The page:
I guess “delicate” means flavorless because this sauce had none. It was not just bland; it was thick and viscous and reminded me of Vaseline. The chicken was flavorless and had no texture. It was as if it had been boiled. I literally took two bites and left the rest.
When my server came to clear plates, she asked about the practically untouched portion, and when I flat-out told her it was terrible, she responded with, “Yeah, the white sauce is really dull.”
Did she offer me a replacement entrée? No. Did she charge me for the uneaten meal? Yes.
There were other service issues. The Mandarin had a nice children’s menu with Mandarin Beef, Almond Chicken and Sweet and Sour Chicken, which my kids chose. My server told me to get the chicken from the evening buffet, which, by the way, I passed on after seeing how small it was and how dreadful-looking the offerings were.
And when I got up to the bar, there was no sweet and sour chicken on it. When I informed the server, she seemed irked at me for pointing it out and snapped back that it would be there soon.
Though it has been around for years, the interior of The Mandarin had been updated. It had black ceilings and dark stone tile floors, which gave it a somewhat modern, clean look. It also was not too busy with Asian knick-knacks in every corner. Even the bamboo lamps that hung over the tables were pretty cool.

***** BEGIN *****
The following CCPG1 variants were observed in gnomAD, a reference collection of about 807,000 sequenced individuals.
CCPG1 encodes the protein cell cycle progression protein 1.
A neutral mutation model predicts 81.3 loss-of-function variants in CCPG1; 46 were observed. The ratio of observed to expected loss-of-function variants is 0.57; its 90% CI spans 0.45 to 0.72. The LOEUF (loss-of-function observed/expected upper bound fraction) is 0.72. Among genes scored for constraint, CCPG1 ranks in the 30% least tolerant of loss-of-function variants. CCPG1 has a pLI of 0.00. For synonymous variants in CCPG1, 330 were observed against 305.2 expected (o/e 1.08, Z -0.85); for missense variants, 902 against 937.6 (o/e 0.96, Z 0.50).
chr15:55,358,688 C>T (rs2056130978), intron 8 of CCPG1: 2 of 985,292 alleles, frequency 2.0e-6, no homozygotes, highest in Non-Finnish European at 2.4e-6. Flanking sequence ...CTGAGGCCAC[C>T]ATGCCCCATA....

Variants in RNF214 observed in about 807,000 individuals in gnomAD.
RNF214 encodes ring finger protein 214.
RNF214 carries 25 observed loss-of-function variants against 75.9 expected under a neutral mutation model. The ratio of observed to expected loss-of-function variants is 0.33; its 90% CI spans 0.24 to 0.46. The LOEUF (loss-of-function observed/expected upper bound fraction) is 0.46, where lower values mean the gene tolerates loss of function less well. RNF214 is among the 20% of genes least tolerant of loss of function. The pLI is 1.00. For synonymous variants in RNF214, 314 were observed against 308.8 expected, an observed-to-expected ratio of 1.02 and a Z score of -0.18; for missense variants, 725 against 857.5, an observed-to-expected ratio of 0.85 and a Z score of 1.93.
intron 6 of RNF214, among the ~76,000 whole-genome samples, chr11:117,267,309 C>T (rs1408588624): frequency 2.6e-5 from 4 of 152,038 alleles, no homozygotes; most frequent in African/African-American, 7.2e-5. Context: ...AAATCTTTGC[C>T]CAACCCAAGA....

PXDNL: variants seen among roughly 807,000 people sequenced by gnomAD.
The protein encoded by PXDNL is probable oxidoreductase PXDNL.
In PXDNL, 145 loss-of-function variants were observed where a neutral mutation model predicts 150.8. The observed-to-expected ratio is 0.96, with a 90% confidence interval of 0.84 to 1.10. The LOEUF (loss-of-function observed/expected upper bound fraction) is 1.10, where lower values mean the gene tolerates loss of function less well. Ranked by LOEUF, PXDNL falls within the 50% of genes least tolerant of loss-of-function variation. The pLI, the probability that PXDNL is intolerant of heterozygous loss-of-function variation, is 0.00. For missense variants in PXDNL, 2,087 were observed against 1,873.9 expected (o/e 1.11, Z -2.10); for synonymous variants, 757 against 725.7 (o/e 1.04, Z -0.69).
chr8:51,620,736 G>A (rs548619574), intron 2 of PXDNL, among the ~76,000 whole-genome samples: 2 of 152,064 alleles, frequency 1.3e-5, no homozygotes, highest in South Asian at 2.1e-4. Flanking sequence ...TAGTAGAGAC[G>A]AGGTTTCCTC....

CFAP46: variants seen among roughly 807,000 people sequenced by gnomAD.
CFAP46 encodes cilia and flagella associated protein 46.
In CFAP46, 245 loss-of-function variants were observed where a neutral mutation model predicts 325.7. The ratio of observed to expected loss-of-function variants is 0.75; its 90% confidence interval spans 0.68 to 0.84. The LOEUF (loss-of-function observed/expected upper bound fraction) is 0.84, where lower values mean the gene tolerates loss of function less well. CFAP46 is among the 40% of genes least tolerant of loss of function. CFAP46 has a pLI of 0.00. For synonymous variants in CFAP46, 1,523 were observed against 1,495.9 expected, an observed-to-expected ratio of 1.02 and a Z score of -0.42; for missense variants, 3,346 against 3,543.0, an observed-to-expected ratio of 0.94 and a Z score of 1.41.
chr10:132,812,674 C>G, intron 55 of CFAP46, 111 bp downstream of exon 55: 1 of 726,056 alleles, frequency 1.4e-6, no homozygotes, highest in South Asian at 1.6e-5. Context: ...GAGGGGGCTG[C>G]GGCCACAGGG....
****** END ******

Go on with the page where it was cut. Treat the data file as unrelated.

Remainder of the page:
The tables and chairs were very outdated, however, and the booths were tattered and torn, so there is still work to be done.
It will take a lot of work for someone to convince me to go back to The Mandarin, too. It wasn’t better and in many cases was worse than what many of the newer take-out places offer – and offer at a better price.
Restaurant: The Mandarin
Address: 5978 Stellhorn Road
Hours: 11 a.m. to 2:30 p.m. and 4:30 to 9 p.m. Monday through Thursday; 11 a.m. to 2:30 p.m. and 4:30 to 10 p.m. Friday; 11:30 a.m. to 2:30 p.m. and 4:30 to 10 p.m. Saturday
Handicapped accessible: Yes
Alcohol: Full bar
Credit cards: Yes
Menu: Mandarin Chicken ($6.75 lunch; $9.95 dinner), Yu Shan Shrimp ($10.95), Black Pepper Beef ($7.50 lunch; $10.50 dinner), Green Paradise Chicken ($9.95), Three Delicacies Soup ($3.25)
Rating breakdown: Food: * (3-star maximum); atmosphere: 1/2 (1 maximum), service: 0 (1 maximum)
Note: Restaurants are categorized by price range: $ (less than $20 for three-course meal), $$ ($20-$29); $$$ ($30-$39), $$$$ ($40-$49), $$$$$ ($50 and up).